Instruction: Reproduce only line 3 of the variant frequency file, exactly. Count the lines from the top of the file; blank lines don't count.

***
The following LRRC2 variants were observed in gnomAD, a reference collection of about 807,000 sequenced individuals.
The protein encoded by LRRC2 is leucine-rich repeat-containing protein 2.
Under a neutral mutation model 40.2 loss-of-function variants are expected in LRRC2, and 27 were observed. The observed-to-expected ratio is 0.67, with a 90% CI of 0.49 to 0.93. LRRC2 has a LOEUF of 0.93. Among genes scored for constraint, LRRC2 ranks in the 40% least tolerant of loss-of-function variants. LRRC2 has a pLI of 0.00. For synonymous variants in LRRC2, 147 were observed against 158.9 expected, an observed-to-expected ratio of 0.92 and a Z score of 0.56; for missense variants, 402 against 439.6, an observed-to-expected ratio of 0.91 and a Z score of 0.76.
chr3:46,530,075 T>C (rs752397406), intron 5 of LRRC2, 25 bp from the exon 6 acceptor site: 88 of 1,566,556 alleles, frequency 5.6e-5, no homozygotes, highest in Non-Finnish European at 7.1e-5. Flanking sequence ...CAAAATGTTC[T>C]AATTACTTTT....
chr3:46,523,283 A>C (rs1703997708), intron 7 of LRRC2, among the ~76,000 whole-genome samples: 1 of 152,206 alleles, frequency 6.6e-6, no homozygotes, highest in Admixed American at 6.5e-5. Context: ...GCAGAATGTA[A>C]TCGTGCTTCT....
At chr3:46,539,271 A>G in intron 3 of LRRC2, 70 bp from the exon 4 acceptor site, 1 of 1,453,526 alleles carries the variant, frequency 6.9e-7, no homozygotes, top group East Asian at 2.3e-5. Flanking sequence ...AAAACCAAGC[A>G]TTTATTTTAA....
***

Under a neutral mutation model 40.2 loss-of-function variants are expected in LRRC2, and 27 were observed. The observed-to-expected ratio is 0.67, with a 90% CI of 0.49 to 0.93. LRRC2 has a LOEUF of 0.93. Among genes scored for constraint, LRRC2 ranks in the 40% least tolerant of loss-of-function variants. LRRC2 has a pLI of 0.00. For synonymous variants in LRRC2, 147 were observed against 158.9 expected, an observed-to-expected ratio of 0.92 and a Z score of 0.56; for missense variants, 402 against 439.6, an observed-to-expected ratio of 0.91 and a Z score of 0.76.